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Dona Onete - 'the grande dame of Amazonian song' - returns with further tales from the river Amazon on her sophomore album Banzeiro. Whether she's championing gay rights, singing about the delights of indecent proposals or praising a former lover for his 'crazy ways of making love', Banzeiro is defined by Onete's honest reflections on life, love, sex as well as her delight in the everyday pleasures of life in the Amazon, whether that's spicy seasoning, salty kisses or fishy-smelling water. Formerly a history teacher, folklore researcher, union representative, culture secretary and children's author - "I never thought I would be a singer" she claims - Onete recorded her debut album Feitiço Caboclo at 73. A cult figure in Brazil and an ambassador for Amazonian culture, the music she sings is a unique mix of rhythms from native Brazilians, African slaves and the Caribbean - epitomised in the joyous carimbós that are her trademark. In the early eighties Onete quit teaching to campaign for workers' rights and following retirement in 1990 she became her region's Municipal Secretary of Culture from 1993-1996, a role she embraced: "I helped local musicians and local culture that people didn't value. I brought my culture to the fore".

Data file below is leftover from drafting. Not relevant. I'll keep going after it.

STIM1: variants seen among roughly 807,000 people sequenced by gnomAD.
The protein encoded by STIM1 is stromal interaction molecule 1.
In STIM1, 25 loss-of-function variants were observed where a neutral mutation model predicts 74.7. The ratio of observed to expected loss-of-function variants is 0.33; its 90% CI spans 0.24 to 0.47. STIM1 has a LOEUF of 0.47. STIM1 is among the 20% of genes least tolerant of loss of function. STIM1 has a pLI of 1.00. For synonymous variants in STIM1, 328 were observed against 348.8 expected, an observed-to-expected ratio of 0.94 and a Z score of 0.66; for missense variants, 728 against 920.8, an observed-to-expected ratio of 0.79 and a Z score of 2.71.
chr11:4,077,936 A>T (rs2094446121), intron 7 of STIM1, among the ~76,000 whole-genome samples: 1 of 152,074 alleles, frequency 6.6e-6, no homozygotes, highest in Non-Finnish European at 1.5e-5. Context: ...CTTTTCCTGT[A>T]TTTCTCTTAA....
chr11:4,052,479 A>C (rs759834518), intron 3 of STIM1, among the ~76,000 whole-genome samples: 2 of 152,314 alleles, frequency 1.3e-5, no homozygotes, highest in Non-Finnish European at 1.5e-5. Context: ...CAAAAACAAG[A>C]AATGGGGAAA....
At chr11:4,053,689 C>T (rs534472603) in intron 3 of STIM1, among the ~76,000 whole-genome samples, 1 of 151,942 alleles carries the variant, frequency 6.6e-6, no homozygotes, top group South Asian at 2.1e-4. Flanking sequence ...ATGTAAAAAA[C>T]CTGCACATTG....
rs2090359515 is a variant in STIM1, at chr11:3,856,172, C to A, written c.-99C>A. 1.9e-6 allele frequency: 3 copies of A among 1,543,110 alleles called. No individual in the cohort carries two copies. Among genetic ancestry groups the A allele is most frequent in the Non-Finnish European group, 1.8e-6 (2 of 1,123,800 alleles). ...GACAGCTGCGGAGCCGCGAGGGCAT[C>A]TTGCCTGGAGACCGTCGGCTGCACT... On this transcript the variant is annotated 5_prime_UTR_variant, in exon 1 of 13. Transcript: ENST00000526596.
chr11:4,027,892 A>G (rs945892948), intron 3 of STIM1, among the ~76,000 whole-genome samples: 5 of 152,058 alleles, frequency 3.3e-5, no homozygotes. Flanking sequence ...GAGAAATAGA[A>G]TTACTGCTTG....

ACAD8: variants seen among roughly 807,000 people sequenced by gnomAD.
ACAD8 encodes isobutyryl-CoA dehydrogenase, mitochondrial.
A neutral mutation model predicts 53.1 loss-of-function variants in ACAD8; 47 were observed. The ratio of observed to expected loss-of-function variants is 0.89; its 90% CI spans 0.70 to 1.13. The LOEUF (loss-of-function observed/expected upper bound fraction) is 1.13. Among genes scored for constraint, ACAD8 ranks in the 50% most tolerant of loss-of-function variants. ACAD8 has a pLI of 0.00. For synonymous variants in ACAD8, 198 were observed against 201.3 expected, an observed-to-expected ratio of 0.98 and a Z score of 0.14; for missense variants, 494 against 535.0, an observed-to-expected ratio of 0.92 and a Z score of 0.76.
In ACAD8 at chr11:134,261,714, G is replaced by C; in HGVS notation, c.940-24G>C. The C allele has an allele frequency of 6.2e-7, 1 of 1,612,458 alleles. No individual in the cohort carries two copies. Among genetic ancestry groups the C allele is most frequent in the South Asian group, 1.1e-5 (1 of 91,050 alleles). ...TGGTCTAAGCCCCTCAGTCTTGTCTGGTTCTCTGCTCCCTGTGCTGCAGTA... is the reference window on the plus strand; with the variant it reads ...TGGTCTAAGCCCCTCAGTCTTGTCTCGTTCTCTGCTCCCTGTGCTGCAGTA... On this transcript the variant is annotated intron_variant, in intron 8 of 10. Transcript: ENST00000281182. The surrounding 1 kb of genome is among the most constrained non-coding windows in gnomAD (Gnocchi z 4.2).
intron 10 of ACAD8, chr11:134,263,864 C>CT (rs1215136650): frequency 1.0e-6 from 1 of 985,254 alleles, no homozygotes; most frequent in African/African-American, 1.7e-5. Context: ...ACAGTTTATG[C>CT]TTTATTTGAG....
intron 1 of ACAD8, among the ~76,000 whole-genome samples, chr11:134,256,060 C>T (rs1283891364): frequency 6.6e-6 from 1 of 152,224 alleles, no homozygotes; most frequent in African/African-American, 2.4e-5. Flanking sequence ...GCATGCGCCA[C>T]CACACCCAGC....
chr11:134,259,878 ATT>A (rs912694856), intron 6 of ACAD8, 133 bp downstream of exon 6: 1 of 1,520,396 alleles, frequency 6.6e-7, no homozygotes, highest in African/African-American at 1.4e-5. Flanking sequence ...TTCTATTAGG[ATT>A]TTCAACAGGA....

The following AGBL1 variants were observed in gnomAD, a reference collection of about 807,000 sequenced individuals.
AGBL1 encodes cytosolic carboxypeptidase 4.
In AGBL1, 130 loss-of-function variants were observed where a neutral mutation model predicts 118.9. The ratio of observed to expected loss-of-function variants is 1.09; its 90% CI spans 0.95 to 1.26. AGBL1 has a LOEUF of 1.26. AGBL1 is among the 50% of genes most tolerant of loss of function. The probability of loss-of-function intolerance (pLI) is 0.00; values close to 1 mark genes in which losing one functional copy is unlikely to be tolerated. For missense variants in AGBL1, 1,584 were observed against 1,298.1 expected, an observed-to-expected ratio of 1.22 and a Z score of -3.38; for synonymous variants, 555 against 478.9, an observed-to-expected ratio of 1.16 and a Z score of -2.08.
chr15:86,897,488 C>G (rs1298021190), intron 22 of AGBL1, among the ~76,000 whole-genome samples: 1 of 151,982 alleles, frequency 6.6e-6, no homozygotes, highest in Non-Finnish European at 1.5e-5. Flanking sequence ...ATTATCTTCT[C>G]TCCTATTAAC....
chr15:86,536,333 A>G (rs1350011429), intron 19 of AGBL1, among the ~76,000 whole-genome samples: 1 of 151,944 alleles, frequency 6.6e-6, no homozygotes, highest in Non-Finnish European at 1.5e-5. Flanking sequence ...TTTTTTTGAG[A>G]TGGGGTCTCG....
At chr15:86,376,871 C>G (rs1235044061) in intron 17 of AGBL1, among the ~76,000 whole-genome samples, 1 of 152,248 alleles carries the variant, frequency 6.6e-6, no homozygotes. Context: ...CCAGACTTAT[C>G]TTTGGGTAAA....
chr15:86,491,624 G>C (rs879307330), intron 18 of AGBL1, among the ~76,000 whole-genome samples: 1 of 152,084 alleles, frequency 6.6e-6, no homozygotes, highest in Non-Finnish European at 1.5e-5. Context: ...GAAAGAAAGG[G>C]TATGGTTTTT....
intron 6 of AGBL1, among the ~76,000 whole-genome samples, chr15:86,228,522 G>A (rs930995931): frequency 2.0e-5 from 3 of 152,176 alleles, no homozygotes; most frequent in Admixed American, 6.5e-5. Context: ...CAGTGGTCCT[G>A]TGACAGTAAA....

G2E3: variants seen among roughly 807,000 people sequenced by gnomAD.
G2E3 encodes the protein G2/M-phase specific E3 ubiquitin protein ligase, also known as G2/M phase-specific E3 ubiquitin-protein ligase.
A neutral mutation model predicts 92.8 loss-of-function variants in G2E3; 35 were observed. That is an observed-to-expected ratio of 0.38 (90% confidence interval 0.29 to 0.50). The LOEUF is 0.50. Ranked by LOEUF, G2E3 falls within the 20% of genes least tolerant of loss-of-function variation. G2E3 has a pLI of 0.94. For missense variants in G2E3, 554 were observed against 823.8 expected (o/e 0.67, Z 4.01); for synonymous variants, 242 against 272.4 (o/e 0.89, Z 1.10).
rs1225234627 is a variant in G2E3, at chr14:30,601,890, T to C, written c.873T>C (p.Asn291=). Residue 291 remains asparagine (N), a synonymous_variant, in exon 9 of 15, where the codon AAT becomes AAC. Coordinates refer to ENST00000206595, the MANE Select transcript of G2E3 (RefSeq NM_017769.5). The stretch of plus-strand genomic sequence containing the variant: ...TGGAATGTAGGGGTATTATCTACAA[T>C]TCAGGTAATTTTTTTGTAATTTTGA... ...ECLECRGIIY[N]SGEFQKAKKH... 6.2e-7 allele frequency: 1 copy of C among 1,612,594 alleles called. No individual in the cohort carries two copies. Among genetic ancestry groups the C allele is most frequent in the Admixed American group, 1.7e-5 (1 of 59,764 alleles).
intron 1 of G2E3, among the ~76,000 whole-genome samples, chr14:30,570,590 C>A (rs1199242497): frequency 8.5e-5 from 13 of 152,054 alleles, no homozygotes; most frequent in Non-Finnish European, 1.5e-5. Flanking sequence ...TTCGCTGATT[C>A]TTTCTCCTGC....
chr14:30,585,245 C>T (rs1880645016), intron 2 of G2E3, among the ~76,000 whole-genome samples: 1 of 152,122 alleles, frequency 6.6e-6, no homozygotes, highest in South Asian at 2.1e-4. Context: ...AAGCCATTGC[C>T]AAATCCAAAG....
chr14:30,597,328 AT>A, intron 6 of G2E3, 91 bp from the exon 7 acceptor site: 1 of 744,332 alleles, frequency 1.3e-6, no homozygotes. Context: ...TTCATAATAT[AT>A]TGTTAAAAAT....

Dona Onete - Banzeiro

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